An epiretinal membrane is a semi-translucent fibrous tissue cover that forms on the innermost section (macula) of the retina, the light-sensitive area at the back of the eye. The macula is an oval spot close to the center of the retina, which is responsible for sharp focus. At times, scar tissue grows over the macula surface, and when the membrane shrinks, it distorts the retinal tissue. The distortion can create problems with central vision and affect the performance of visually demanding tasks, such as reading and driving, but it does not cause complete blindness. The extent of the loss of central vision depends on the severity of the disorder.

The disorder is more prevalent among middle-aged and elderly adults and is often confused with macular degeneration. However, although both disorders involve the macula, they have different causes and symptoms.

Some potential ERM complications include:

  • Macular hole
  • Early cataract
  • Macular pseudo hole – a hole developing on the membrane and not on the macula
  • Decreased or distorted vision leading to significant vision difficulties and emotional stress
  • Surgical complications like bleeding, infection, recurrence of ERM and retinal detachment


Also Known As

  • ERM
  • Macular pucker
  • Premacular fibrosis
  • Cellophane maculopathy
  • Surface wrinkling retinopathy


Causes & Risk Factors 

In most cases, ERM develops spontaneously and isn’t associated with any medical conditions. It can also arise due to:

  • Trauma
  • Surgery
  • Traction - the pulling of the vitreous humor (the jelly inside the eye) from the retina

ERM risk factors include:

  • Aging
  • Intraocular surgery
  • Eye injury or trauma
  • Retinal tear or detachment
  • Posterior vitreous detachment
  • The presence of Epiretinal Membrane in one eye
  • Retinal vascular diseases, such as diabetic retinopathy, artery or vein occlusions

It’s essential to understand that a risk factor increases the likelihood of getting a condition, but it doesn’t mean that one will develop the disorder. It’s also vital to realize that not having a risk factor doesn’t mean that one can’t get the disorder. The patient should always discuss the issue of risk factors with the doctor.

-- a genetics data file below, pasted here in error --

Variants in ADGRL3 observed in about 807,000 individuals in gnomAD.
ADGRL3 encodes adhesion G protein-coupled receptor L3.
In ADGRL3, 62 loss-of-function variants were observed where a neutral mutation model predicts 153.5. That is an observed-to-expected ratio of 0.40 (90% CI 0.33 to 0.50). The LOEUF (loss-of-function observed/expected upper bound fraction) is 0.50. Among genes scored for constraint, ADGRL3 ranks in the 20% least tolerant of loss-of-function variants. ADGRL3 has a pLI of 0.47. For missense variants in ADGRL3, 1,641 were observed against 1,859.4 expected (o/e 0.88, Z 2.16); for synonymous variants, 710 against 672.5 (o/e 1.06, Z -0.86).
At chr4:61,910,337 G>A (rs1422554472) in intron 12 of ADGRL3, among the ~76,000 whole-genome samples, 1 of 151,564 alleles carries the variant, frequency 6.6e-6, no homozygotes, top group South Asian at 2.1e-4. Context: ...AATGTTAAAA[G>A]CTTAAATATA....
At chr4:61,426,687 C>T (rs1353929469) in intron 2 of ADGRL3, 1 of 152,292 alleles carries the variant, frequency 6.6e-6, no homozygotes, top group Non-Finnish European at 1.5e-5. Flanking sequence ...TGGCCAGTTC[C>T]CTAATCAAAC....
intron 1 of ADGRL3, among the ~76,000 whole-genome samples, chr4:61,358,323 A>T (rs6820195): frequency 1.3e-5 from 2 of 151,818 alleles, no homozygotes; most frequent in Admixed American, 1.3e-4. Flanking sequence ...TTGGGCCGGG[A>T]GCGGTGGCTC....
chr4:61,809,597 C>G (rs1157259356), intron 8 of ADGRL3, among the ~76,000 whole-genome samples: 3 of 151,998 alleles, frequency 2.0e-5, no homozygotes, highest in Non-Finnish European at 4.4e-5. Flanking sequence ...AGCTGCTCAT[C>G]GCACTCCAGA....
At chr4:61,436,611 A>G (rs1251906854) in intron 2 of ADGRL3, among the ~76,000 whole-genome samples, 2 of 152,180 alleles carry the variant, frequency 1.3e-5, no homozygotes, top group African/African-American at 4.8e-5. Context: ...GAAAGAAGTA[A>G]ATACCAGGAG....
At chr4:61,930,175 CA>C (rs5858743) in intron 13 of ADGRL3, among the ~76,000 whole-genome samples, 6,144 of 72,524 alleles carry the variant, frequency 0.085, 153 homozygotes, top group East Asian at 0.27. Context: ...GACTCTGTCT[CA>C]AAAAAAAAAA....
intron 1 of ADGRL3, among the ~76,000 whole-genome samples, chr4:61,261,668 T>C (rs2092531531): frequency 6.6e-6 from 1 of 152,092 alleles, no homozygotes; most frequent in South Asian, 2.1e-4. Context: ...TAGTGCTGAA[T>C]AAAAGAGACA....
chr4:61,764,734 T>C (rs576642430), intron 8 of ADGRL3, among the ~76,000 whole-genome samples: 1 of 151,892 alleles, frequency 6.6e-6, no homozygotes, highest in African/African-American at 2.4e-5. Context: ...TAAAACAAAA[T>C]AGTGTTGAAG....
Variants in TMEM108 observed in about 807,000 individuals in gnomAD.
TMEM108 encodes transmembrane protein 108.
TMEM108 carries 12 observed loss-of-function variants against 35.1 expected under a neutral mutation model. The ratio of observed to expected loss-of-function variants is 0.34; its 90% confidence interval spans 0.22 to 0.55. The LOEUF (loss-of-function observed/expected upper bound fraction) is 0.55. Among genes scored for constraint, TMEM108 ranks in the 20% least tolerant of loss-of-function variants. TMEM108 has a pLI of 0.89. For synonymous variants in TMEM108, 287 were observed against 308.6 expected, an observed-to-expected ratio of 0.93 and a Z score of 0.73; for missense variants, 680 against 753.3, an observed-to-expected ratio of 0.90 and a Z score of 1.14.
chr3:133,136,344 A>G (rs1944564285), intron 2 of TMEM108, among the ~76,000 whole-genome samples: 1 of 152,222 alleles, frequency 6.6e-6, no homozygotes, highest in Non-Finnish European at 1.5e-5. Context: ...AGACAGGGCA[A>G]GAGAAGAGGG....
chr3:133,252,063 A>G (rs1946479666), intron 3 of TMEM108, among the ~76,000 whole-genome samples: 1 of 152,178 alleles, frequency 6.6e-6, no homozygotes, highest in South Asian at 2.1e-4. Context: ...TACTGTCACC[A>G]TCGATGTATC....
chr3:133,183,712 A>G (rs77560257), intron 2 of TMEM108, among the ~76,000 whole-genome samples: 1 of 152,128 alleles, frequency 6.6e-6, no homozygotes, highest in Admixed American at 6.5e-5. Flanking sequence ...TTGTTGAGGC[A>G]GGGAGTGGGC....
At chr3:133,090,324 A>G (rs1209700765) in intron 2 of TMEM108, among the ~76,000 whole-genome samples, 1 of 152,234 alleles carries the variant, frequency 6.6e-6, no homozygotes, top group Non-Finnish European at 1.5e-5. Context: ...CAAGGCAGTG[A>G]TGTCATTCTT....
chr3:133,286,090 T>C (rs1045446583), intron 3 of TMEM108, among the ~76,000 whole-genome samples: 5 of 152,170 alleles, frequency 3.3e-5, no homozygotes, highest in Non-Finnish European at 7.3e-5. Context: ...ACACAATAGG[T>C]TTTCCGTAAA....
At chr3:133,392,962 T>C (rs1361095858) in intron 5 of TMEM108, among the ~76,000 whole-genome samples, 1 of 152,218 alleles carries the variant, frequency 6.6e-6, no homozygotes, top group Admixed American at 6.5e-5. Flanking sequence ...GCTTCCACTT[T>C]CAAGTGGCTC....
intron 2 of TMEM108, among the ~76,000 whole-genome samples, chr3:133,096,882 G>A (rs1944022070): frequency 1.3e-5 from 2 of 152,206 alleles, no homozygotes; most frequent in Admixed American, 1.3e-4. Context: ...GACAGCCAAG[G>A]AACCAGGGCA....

Signs & Symptoms 

ERM signs and symptoms differ from one patient to another, and often the anomaly is asymptomatic. It may also present with the various symptoms, such as:

  • Wavy vision
  • Blurred vision
  • Light sensitivity
  • Distorted vision
  • Decreased vision
  • Loss of central vision
  • Double vision in one eye
  • Difficulty in reading small print
  • Images looking smaller or larger than average size



The ophthalmologist will assess the symptoms and establish the detailed medical history of the patient. S/he will evaluate the history of intraocular trauma surgery, or underlying disease, such as posterior vitreous detachment. S/he will conduct a complete eye examination, including Amsler Grid test, dilated retinal exam or imaging tests, such as ocular coherence tomography (OCT). The doctor may also perform additional tests, such as Fluorescein angiography to rule out other underlying disorders, such as retinal abnormalities and arrive at a definitive diagnosis.


In most cases, ERMs stabilize after an initial period of growth and don’t significantly affect vision, and so the doctor will observe and monitor the condition carefully.

Vitrectomy surgery is the only way to treat ERM. The doctor will only recommend it in severe cases where the disorder affects the patient’s ability to read, work, drive, or perform other vital activities. Vitrectomy is an outpatient surgical procedure that enables the surgeon to address the underlying issue and peel-off the covering membrane to improve vision.

Complete healing can take between four weeks and several months and the patient must follow the specific instructions provided by the ophthalmologist to avoid complications. The patient will have to avoid activities that can raise eye pressure during this period. It includes intense exercise, reading, driving, heavy lifting, scuba diving, mountain climbing, air travel, etc.

Prognosis & Long-Term Outlook

The prognosis for ERM is excellent in most patients, even in cases where they require vitrectomy to remove the protective tissue. The distortion resolves, and the vision improves in close to 90 percent of cases once the tissue is removed. In general, the milder the condition and less time it has been developing, the better the prognosis. The patient’s vision improves gradually for up to one year.

Prevention & Follow Up

Currently, there are no guidelines or methods available for the prevention ERM, i.e., the eye disorder unpreventable. However, in secondary ERM, where it results from an underlying condition, such as vitreous or retinal diseases then, managing the systemic abnormality may help prevent such pathological eye changes.